EU leaders are meeting in Brussels to discuss new measures to encourage long-term economic growth. Hours into the summit Herman Van Rompuy was reappointed president of the European Council.
European Union leaders have opened a two-day summit in Brussels that they were expected to use to try to shift the focus away from the ongoing Greek debt crisis and onto measures aimed at fostering long-term growth in the 27-member bloc.
Among the measures up for approval is a German-backed financial regulation agreement designed to make sure that member states get their financial houses in order.
Speaking at a pre-summit meeting of conservative leaders, German Chancellor Angela Merkel said European politicians had little choice, if they hoped to create the conditions for sustained growth.
"I think we have to collectively work on the improvement of our competitiveness worldwide," Merkel said. "Only if Europe accomplishes that will we really have a future to reduce our budget deficits, and at the same time guarantee prosperity and jobs for the people in Europe."
All but two EU countries were expected to sign on to the pact by the time the summit ends on Friday
There were also a number of other issues on the agenda. Among the first was the reappointment of Herman Van Rompuy as president of the European Council. This extends his appointment, which had been due to expire at the end of May, by a further two and a half years.
The 64-year-old former Belgian prime minister announced his reappointment via the micro-blogging site Twitter.
"It’s with pleasure that I accept a 2nd mandate," Van Rompuy said. "A privilege to serve Europe in such decisive times; a big responsibility," he added in another tweet.
The 27 leaders also decided to appoint him to chair future eurozone summits. He has already chaired several such meetings on an informal basis.
New EU candidate
The leaders were also expected to formally grant Serbia EU candidate status. Serbia had hoped to be granted formal candidate status at an EU summit last December, but EU leaders balked in part due to sporadic outbursts of violence along Serbia's border with its former province, Kosovo.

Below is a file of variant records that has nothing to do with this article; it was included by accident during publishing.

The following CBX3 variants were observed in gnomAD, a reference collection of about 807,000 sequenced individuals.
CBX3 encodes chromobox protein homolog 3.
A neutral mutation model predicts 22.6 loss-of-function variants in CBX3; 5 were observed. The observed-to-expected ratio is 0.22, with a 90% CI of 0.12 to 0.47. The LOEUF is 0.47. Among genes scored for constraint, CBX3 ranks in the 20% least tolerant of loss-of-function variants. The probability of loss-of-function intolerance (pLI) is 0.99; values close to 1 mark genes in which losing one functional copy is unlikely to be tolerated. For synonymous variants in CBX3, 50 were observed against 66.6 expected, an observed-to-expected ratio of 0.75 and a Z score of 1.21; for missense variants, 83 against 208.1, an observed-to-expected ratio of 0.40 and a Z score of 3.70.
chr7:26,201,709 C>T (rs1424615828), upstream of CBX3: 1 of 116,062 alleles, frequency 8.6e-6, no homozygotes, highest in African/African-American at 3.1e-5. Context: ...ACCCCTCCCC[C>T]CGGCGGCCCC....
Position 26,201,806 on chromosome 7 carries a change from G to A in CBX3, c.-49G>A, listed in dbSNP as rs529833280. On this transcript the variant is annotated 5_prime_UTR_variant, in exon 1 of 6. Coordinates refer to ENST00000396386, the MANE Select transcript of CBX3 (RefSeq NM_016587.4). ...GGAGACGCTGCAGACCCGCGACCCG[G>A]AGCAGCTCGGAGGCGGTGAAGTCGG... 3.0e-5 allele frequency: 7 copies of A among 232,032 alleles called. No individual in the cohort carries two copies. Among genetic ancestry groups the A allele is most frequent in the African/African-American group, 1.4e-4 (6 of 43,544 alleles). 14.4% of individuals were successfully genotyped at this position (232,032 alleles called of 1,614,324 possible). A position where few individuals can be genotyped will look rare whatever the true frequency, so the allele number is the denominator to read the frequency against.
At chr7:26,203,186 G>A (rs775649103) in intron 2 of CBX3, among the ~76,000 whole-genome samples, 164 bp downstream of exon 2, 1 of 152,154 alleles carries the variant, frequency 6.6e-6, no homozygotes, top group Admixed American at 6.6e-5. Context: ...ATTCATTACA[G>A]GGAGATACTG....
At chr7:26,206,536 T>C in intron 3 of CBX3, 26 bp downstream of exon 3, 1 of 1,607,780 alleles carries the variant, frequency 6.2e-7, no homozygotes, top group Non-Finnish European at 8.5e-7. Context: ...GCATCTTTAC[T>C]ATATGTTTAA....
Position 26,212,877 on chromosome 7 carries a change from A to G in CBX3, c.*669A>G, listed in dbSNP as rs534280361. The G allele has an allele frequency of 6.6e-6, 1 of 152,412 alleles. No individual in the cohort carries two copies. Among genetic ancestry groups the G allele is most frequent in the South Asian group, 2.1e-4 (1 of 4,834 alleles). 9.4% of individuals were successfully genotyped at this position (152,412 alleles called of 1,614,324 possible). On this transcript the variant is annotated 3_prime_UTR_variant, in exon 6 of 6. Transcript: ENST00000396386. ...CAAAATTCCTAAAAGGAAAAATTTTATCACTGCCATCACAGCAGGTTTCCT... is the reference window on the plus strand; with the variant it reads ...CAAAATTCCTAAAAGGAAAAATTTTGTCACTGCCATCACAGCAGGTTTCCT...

Earlier this week, EU foreign ministers recommended that the leaders now go ahead with the move, following a deal between Belgrade and Pristina aimed at reducing tensions.
The deal provides a framework for Serbia and Kosovo, which unilaterally declared independence in 2008, to cooperate in the management of their common border crossings. It also allows Kosovo to take part in international conferences, despite the fact that Serbia does not recognize its independence.
On Thursday, the last apparent barrier to Serbia's aspirations of becoming an EU candidate was removed after it signed a treaty meant to safeguard minorities in the country. Earlier in the week, Bucharest had indicated that it might bloc Belgrade's EU candidacy bid due to concerns about the Romanian minority in Serbia.
European finance ministers met ahead of the summit to discuss Greece's progress in implementing a series of austerity measures in return for the130-billion-euro ($173 billion) bailout agreed by EU leaders last week.
The head of the Eurogroup of nations that use the euro, Luxembourg Prime Minister Jean-Claude Juncker, told reporters after the finance ministers' meeting that Greece was well on its way to being granted the first tranche of that bailout. The funds are to be released after Athens passes the last remaining items in its austerity package and a writedown of bad Greek debt by private lenders is formally agreed.
pfd/ccp (Reuters, AFP, dpa)